David Rees author and illustrator of Get Your War On Introduction by Colson Whitehead
Publication Date: November 2002
In early October 2001, David Rees posted eight comic strips on his Web site, in which office workers discussed the War on Terrorism.
The response was overwhelming. E-mails proliferated around the country as people, alternately thrilled or disgusted by Get Your War On (as Rees entitled his depiction of the violence of the War on Terrorism begotten of violence of Terrorism itself) forwarded the URL to their friends. Since that night, more than eight million people have visited the site, and Rees continues to add material that responds to the events of the past months—including the anthrax scare, the Enron scandal, John Ashcroft’s detentions of suspected terrorists, the Office for Homeland Security, Israeli incursions and Palestinian suicide bombings, and the 9th Circuit Court of Appeal’s decision on the Pledge of Allegiance, to name a few.
Although the strip quickly became notorious—Rees received a great deal of both fan mail and hate mail—Get Your War On is not purely a parody of patriotism, nor is it a simple indictment of U.S. jingoism. Instead, in a voice that combines the indignant, stentorian tones of rapper KRS-1 with the cadences of David Mamet and the boldness of Tom Tomorrow, Rees zeros in on the deep psychic bruise that events in New York, Afghanistan, Israel and elsewhere has inflicted on our hearts.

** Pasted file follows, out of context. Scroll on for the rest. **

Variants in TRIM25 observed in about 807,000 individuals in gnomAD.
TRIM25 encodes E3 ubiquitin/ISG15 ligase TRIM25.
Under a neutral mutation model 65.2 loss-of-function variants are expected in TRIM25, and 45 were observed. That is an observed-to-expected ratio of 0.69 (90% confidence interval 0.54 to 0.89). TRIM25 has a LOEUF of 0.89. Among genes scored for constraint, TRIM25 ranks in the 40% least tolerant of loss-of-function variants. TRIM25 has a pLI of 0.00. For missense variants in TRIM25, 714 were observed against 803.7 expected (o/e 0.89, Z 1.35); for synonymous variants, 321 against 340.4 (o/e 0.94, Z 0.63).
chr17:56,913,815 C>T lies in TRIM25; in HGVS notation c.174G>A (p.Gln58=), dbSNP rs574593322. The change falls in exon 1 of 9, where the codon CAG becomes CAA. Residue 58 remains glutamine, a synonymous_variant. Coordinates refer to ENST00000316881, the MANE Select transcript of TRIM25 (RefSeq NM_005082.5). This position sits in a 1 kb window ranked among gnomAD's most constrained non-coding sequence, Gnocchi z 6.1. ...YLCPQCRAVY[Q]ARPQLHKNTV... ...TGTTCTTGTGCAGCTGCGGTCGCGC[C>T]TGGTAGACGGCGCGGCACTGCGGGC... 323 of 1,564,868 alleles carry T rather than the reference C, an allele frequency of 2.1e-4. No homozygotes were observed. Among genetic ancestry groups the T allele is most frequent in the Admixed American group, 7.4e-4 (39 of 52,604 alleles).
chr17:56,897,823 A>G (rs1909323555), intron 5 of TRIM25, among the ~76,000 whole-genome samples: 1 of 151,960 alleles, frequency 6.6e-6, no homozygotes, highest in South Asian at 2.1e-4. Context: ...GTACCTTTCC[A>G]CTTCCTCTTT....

The nameless characters are at turns skeptical about the War on Terrorism; scared for their own safety in an age of anthrax scares and terror alerts; hungry for revenge against Osama bin Laden; bitter about the exploitation of September 11’s horrors; and enthusiastic about the possibility of deadening their pain with alcohol. During a time when few were willing to share any but the noblest pieties with each other, Rees’s characters are reflections of many Americans’ true selves.
Working with a deceptively limited palette of color (red), graphics (clip art of cubicle workers), and language (much of it four-lettered), Rees succeeds in depicting a country of grieving, angry and confused citizens, feeling hatred for—and feeling the hatred of—the world beyond our shores. With Get Your War On, Rees has illustrated better than any artist, politician, or pundit the true state of America’s soul—its violence and its compassion.
The author’s royalties will be donated to Adopt-A-Minefield. Soft Skull Press will donate an additional royalty to the same organization. The website may be viewed at getyourwaron.
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